Aspiring bloc members, including Kiev, will not be given any shortcuts towards membership, Ursula von der Leyen has signaled © Getty Images / Marcelo del Pozo

Countries aspiring to join the EU must follow the “merit-based” accession process and reach the milestones outlined by the bloc’s rules, European Commission President Ursula von der Leyen said on Friday.

The EU chief made the remarks during a press conference following a summit of the bloc’s leaders in the Spanish city of Granada. Von der Leyen touched upon the accession process of prospective members, stating that all of them must follow due procedures.

“The process is merit-based,” the EU Commission head explained. “There are clear rules, there are milestones that have to be achieved.”

Such a stance was included in the joint declaration that was adopted during the summit. While the document reiterated the bloc’s readiness to “continue to support Ukraine and its people for as long as it takes,” it also warned that potential new members will be given no shortcuts during the accession process.

“Aspiring members need to step up their reform efforts, notably in the area of rule of law, in line with the merit-based nature of the accession process and with the assistance of the EU. In parallel, the Union needs to lay the necessary internal groundwork and reforms,” the declaration reads.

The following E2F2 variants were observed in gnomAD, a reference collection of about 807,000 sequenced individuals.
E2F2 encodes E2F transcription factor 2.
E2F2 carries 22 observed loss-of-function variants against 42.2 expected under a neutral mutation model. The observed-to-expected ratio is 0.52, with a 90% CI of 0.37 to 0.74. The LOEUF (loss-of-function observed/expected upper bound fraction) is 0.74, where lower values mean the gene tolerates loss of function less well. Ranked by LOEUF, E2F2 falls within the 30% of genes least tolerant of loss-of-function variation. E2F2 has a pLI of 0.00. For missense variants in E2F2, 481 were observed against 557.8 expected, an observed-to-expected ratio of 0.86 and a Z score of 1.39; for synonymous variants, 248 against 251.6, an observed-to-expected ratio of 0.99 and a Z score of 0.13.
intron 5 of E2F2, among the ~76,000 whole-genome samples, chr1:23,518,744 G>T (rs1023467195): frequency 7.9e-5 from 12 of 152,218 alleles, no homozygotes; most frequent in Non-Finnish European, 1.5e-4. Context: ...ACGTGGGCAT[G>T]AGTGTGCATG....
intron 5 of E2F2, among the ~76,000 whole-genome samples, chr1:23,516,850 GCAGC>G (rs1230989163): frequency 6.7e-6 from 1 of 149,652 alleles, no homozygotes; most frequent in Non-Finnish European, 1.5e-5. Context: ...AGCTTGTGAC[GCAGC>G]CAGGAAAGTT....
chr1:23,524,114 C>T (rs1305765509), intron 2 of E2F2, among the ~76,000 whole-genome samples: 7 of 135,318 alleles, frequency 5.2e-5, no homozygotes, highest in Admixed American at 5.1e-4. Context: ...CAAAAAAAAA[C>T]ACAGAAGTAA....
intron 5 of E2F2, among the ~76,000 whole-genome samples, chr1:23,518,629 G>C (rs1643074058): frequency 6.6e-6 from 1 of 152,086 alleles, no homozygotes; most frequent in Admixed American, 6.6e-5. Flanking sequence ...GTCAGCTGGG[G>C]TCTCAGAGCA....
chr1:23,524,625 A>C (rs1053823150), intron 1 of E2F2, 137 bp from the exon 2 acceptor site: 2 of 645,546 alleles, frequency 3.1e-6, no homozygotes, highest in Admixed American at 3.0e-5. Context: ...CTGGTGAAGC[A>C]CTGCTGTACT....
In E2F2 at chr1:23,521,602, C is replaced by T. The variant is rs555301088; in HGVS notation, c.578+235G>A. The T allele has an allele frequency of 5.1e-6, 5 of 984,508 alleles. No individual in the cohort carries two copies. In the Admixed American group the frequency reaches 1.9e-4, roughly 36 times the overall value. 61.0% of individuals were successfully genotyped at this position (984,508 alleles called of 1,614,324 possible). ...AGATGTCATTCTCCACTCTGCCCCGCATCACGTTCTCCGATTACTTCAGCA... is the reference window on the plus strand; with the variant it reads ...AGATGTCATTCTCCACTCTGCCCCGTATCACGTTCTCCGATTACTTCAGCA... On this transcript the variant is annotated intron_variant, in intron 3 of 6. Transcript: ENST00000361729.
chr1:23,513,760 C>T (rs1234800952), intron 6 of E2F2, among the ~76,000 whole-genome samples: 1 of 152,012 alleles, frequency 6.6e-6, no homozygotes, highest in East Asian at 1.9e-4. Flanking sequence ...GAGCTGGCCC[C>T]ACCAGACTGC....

Ex-EU boss says Ukraine too corrupt to join Ex-EU boss says Ukraine too corrupt to join

While the document did not provide any timeframe for when an expansion will actually happen, the president of the European Council, Charles Michel, said the bloc should be ready to expand by 2030. “What’s important is to stop procrastinating,” he said during the press conference.

The remarks by the top EU officials come in contrast to earlier statements about the prospects for Ukraine’s accession. In mid-September, for instance, von der Leyen said Ukraine would “complete” the bloc and claimed that the move would not necessarily require an amendment to the Treaties of the European Union, the legal foundation for its existence.

Joining the EU has been a key talking point for pro-West Ukrainian politicians for decades, yet little actual progress on that path was achieved before the conflict between Kiev and Moscow broke out in February 2022. However, the hostilities have seemingly re-invigorated the process, with top Ukraine officials repeatedly demanding the country be accepted into the bloc as soon as possible due to its perceived role in defending the EU from an allegedly looming Russian invasion.

However, in recent weeks, numerous current and former EU officials have warned against fast-tracking Ukraine’s admission, arguing, for various reasons, that it might do more harm than good to the bloc itself. Perhaps the most damning opinion was voiced by Jean-Claude Juncker, a former president of the European Commission, who argued that Ukraine was simply way too corrupt to join the EU anytime soon.

“Those who have dealt with Ukraine know that this is a country that is corrupt at all levels of society,” Juncker said in an interview with Germany’s Augsburger Allgemeine newspaper. (RT)